New Tax Credits for Home Solar Installations

There’s a new tax credit that you may find useful if you’re a home-owner who will be trying to get under the tax line :

The law both increases tax credits for commercial solar installations and offers individual homeowners a credit for the first time in 20 years. (An earlier personal-use solar credit was in effect .)

Interested in claiming a credit? Act fast. To hold down the projected cost, Congress authorized the solar credits for only two years — .…

Homeowners… can put in a photovoltaic system (roof panels that take in energy from the sun and turn it into electricity) and/or a solar-powered hot water system (for hot water heaters, radiant floors or radiators), and get a federal tax credit worth 30% of the systems’ cost, up to a credit of $2,000 per system. There are a couple of catches: The heating system can’t be for a pool or hot tub, and the federal credit applies to the net system cost after any state incentives.

The good part is that this new federal break is a credit — not a deduction — meaning it reduces your tax bill directly, dollar for dollar. So, if you install both eligible solar systems in your house, you can knock $4,000 off your federal tax bill. And if you have more credit than you owe in tax, you can carry it over and use it to defray next year’s federal tax bill.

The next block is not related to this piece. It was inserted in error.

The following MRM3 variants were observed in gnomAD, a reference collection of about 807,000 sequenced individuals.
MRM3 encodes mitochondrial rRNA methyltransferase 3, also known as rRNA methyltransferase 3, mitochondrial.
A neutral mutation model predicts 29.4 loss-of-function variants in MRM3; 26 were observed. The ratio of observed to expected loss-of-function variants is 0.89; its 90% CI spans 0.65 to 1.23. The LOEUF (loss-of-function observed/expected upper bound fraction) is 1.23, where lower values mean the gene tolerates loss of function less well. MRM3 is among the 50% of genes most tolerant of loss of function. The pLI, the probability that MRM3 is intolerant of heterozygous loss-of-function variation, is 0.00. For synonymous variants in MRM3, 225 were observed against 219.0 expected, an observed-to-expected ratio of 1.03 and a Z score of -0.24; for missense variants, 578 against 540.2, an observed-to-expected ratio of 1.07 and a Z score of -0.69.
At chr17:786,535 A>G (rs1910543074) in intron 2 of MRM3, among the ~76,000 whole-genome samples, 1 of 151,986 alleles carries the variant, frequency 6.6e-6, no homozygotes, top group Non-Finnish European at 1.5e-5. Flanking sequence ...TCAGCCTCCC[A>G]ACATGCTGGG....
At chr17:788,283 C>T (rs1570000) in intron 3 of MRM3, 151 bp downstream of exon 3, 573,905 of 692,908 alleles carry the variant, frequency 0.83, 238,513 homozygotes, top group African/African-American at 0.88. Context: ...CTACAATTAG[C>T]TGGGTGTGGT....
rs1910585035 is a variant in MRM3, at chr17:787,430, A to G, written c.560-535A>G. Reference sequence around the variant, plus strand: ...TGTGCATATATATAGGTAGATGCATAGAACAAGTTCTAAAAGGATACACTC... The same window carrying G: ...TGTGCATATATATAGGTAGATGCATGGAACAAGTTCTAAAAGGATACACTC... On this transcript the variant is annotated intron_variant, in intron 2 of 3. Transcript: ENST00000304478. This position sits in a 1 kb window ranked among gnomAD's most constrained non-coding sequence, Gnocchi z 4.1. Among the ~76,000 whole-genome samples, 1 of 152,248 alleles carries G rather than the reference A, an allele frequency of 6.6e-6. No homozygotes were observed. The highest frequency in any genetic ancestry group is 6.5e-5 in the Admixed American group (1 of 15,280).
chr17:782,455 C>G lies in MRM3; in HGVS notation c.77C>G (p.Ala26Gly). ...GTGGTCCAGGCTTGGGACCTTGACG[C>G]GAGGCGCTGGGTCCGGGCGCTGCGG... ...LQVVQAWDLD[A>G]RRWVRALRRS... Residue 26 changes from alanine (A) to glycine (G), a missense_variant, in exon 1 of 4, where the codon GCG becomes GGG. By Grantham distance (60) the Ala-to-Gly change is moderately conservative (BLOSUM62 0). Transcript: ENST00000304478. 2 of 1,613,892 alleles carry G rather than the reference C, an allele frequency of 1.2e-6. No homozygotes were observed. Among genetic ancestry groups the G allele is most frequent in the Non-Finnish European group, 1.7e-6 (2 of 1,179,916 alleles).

A contributor at The Claire Files writes:

Here is an idea [to] help others avoid taxes.

I love to tip with cash. When I was a waiter I was told I had to report my tips… but only half. (I think my boss wanted to help us students out, he did pay us almost minimum wage and we got tips.) Cash tips are easy to under-report. I asked about that recently and was told that most people pay with credit card/debit card and that the government now uses a percentage method for tips. They look at the charged meals, look at the number of total meals served, and then look at the charged tips to figure out how much cash tips you received.

(100 meals served. 50 payed with card, tipping 15%. the government calculates 15% from 100 meals even if cash tips are only 10%)

You can help out by tipping more when paying with cash or better yet, when you pay with card, put 1% tip on it and put the rest out as cash. I even leave a note for the server saying “this is your money, don’t tell your boss, or the government. share it with the buss boy if that is the policy.” This will help lower the average tip figures, but still give the nice server what they have earned.